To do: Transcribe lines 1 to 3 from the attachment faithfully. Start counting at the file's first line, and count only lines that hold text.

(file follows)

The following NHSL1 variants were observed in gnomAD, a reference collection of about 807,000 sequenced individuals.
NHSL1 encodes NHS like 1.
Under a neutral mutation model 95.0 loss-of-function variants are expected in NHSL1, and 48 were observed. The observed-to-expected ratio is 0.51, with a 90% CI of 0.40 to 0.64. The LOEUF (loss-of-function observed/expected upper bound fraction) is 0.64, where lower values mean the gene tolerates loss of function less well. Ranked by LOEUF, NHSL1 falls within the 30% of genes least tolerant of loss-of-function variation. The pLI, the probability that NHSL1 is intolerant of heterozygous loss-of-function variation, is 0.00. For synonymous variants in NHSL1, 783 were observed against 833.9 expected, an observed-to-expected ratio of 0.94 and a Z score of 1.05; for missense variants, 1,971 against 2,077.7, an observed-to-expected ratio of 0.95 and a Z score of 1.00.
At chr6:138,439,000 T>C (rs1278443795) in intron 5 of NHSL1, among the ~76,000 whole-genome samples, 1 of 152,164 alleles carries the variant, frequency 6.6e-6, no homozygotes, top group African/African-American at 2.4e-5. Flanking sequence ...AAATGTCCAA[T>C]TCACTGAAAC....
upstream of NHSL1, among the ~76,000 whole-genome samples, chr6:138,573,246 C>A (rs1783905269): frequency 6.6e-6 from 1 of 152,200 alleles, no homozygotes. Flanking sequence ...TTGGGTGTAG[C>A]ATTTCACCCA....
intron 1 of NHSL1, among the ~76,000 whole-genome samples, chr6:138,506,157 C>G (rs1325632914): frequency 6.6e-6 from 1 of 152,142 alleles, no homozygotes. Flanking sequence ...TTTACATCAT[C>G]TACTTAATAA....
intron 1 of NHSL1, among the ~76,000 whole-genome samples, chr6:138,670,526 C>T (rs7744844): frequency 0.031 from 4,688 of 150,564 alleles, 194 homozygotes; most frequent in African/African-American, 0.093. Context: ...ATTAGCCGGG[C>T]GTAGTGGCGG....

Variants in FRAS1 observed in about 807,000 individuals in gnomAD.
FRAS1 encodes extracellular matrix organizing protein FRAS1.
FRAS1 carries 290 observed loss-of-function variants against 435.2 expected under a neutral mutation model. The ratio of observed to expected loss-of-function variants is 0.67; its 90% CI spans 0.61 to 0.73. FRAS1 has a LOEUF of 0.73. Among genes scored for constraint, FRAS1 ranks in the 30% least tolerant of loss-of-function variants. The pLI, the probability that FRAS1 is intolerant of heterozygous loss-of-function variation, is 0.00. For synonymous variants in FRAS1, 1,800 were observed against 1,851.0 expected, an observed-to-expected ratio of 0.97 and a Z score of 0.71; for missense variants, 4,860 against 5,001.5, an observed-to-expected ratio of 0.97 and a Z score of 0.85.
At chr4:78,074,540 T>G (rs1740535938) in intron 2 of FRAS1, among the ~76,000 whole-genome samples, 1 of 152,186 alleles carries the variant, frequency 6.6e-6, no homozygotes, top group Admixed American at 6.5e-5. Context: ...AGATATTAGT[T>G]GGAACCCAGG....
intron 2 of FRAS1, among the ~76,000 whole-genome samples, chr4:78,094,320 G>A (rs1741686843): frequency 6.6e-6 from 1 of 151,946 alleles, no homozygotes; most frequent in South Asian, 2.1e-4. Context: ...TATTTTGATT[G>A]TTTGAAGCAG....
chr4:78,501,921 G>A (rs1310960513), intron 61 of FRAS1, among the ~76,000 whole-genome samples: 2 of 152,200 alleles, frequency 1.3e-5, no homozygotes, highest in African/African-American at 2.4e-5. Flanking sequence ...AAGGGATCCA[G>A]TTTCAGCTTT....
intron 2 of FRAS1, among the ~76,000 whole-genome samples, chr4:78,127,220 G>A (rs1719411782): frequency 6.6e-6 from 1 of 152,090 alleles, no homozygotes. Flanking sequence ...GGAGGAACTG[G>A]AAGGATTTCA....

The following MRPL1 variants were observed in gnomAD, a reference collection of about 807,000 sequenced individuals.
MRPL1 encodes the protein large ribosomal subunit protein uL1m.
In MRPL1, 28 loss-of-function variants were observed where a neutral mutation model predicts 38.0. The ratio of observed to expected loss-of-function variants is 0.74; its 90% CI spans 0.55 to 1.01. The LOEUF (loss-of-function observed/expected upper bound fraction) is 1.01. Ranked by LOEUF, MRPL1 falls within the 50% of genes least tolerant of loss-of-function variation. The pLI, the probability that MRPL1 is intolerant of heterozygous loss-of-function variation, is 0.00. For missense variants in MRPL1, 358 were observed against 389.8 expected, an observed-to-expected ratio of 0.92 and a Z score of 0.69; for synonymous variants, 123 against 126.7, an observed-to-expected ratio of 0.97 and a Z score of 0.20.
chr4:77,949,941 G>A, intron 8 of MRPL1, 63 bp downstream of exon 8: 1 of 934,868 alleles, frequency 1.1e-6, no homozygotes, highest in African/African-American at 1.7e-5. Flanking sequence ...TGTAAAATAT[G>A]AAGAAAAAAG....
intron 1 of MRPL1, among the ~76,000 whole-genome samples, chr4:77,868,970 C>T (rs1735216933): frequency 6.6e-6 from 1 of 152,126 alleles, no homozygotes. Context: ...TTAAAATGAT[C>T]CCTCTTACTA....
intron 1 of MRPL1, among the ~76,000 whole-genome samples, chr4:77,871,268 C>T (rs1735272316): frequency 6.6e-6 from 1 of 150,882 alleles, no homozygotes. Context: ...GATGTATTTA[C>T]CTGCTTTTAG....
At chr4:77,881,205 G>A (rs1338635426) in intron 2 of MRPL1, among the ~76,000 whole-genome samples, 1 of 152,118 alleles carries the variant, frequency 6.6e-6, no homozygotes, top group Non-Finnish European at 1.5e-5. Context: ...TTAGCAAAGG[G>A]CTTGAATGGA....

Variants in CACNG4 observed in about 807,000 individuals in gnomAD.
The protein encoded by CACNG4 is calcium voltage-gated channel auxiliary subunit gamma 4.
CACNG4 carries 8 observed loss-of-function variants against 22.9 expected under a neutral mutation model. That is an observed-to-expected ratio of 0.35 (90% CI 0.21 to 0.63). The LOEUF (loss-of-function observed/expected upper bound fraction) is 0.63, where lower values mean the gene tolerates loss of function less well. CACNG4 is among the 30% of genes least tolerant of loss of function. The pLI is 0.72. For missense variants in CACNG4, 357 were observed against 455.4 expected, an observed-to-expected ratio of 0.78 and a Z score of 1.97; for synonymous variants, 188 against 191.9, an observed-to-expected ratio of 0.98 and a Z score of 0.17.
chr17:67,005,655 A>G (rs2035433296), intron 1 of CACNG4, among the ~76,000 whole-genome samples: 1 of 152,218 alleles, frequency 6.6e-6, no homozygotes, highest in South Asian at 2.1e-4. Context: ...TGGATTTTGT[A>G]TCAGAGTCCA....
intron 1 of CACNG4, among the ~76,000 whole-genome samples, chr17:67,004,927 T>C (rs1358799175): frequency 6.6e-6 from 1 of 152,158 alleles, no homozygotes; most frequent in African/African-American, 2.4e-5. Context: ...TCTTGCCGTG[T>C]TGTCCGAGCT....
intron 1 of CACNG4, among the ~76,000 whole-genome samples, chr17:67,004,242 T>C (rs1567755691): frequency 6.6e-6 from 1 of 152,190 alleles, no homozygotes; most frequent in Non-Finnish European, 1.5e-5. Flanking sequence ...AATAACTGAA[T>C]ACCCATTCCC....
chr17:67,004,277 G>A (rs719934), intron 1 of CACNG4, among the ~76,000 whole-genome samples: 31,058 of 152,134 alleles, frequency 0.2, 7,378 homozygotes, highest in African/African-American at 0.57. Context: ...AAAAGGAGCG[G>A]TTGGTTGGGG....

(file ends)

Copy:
The following NHSL1 variants were observed in gnomAD, a reference collection of about 807,000 sequenced individuals.
NHSL1 encodes NHS like 1.
Under a neutral mutation model 95.0 loss-of-function variants are expected in NHSL1, and 48 were observed. The observed-to-expected ratio is 0.51, with a 90% CI of 0.40 to 0.64. The LOEUF (loss-of-function observed/expected upper bound fraction) is 0.64, where lower values mean the gene tolerates loss of function less well. Ranked by LOEUF, NHSL1 falls within the 30% of genes least tolerant of loss-of-function variation. The pLI, the probability that NHSL1 is intolerant of heterozygous loss-of-function variation, is 0.00. For synonymous variants in NHSL1, 783 were observed against 833.9 expected, an observed-to-expected ratio of 0.94 and a Z score of 1.05; for missense variants, 1,971 against 2,077.7, an observed-to-expected ratio of 0.95 and a Z score of 1.00.